Internet: BGH examines: Who may bring data protection violations to court?

Can consumer advocates and competitors go to court over possible data protection violations by companies? The Federal Court of Justice (BGH) in Karlsruhe is now dealing with this question in several proceedings.

Internet: BGH examines: Who may bring data protection violations to court?

Can consumer advocates and competitors go to court over possible data protection violations by companies? The Federal Court of Justice (BGH) in Karlsruhe is now dealing with this question in several proceedings. Whether the top civil judges will already pass judgment is an open question.

On the one hand, there is the question of whether consumer advice centers can sue Facebook independently of the users affected. In the other two cases, competing pharmacists argue about products offered on Amazon.

ECJ decision as a basis

In the Facebook case, the BGH had asked the European Court of Justice (ECJ) for advice as to whether legal standing violated the European General Data Protection Regulation (GDPR). The first civil senate suspended the pharmacist cases. Negotiations are now continuing on the basis of the ECJ decision of April this year.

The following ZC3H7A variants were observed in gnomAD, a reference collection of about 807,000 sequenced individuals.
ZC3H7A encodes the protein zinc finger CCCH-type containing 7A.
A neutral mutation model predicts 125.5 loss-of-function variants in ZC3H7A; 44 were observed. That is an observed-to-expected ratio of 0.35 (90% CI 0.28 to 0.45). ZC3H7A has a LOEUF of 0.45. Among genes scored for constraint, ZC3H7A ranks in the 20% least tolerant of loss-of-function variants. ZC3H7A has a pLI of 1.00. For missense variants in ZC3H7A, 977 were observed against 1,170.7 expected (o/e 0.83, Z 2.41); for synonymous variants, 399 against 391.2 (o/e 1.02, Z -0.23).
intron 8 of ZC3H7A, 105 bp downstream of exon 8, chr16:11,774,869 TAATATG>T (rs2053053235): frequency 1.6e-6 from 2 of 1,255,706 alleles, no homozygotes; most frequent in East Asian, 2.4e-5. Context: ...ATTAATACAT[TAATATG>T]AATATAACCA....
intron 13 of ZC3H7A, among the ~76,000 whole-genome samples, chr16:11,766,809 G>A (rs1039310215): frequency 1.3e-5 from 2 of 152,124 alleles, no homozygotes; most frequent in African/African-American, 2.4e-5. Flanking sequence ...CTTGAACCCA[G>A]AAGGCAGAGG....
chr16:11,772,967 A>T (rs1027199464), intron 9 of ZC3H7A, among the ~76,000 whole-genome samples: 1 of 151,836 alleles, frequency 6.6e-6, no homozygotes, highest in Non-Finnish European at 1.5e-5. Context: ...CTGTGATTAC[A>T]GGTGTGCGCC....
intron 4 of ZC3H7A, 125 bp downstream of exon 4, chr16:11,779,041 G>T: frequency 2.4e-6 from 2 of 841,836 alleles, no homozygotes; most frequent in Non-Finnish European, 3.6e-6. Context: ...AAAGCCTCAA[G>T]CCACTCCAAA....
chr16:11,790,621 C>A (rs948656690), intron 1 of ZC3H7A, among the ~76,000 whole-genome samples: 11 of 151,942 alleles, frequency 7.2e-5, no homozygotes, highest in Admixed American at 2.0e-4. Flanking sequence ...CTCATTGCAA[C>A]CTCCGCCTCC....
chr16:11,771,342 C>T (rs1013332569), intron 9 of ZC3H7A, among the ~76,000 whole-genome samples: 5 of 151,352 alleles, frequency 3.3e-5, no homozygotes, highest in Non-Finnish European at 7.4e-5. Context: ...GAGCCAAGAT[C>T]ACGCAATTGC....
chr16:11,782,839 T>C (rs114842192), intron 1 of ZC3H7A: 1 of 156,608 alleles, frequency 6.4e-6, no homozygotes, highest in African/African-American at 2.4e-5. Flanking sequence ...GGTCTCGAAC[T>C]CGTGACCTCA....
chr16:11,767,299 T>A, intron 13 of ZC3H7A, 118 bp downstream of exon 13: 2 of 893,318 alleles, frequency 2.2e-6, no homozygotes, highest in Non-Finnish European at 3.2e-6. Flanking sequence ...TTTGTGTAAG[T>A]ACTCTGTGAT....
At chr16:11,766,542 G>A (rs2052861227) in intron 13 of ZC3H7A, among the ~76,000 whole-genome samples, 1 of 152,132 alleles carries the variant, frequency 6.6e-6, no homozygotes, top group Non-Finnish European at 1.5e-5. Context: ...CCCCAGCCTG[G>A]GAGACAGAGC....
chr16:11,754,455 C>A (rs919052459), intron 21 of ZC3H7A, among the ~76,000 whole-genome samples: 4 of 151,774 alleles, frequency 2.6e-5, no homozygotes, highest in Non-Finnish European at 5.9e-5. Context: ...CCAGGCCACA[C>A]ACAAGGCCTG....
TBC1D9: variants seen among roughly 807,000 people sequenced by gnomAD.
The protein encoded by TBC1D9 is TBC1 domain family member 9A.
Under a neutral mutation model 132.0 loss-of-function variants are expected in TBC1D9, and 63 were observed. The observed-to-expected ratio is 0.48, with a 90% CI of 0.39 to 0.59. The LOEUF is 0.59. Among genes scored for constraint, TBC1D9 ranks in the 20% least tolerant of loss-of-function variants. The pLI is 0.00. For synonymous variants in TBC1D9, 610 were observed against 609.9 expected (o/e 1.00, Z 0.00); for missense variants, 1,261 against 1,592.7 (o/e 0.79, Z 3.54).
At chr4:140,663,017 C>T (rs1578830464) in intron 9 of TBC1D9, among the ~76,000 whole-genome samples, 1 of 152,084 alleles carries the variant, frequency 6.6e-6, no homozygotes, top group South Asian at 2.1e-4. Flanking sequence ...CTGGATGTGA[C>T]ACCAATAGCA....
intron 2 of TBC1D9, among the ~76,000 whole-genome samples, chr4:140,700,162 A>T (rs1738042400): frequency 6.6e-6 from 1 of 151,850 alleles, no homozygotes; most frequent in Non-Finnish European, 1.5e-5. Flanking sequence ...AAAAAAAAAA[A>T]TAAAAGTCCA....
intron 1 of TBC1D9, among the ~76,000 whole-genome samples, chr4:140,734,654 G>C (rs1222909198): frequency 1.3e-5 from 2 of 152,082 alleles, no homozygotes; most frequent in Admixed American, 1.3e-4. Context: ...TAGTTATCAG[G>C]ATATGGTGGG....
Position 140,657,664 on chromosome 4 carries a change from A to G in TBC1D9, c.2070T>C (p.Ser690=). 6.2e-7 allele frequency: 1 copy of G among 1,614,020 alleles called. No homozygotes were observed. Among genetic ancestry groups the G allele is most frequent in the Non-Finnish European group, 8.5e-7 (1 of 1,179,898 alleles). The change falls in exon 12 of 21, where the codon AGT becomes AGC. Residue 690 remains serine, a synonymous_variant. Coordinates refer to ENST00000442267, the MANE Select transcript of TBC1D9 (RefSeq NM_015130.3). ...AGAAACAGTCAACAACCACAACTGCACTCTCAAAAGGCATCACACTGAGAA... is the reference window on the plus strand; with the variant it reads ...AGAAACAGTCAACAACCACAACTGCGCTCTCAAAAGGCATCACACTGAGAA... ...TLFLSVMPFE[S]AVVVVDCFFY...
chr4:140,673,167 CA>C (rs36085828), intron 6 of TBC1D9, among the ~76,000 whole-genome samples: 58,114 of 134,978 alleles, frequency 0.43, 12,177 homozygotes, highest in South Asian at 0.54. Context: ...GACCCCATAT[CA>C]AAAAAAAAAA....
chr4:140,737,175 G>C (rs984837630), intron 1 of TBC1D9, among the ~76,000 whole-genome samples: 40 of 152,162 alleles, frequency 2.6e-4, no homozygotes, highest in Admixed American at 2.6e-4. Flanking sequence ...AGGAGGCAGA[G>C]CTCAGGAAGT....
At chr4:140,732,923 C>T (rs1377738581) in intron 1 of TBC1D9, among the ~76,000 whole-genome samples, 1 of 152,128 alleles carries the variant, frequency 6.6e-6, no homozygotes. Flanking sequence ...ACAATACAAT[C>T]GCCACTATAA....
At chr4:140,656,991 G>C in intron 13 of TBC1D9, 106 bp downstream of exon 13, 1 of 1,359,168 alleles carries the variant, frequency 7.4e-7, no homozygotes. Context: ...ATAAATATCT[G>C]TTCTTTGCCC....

However, the Luxembourg judges only ruled on the legal standing of associations entitled under national law: According to the ruling, these can go to court in the event of data protection violations by Internet giants instead of the users - even if they have no specific order from those affected. The ECJ did not comment on the question of a competitor's standing to sue.

Free games as a data trap?

Specifically, the alleged violations on Facebook are about the fact that free games from third parties are presented in the platform's "App Center", in which users, at least in the 2012 version, can automatically click on "Play immediately" to transmit various games data to the game operator would have agreed. For one game, the notices ended with the phrase, "This application may post status updates, photos, and more on your behalf." The district court and the Berlin Court of Appeal had agreed with the consumer advocates.

In the other cases, pharmacists turn against a competitor who offers products for sale on the Amazon website. The competition criticizes, for example, that he did not obtain consent for the collection and processing of personal data during the ordering process. The Higher Regional Court of Naumburg followed the reasoning on both occasions.

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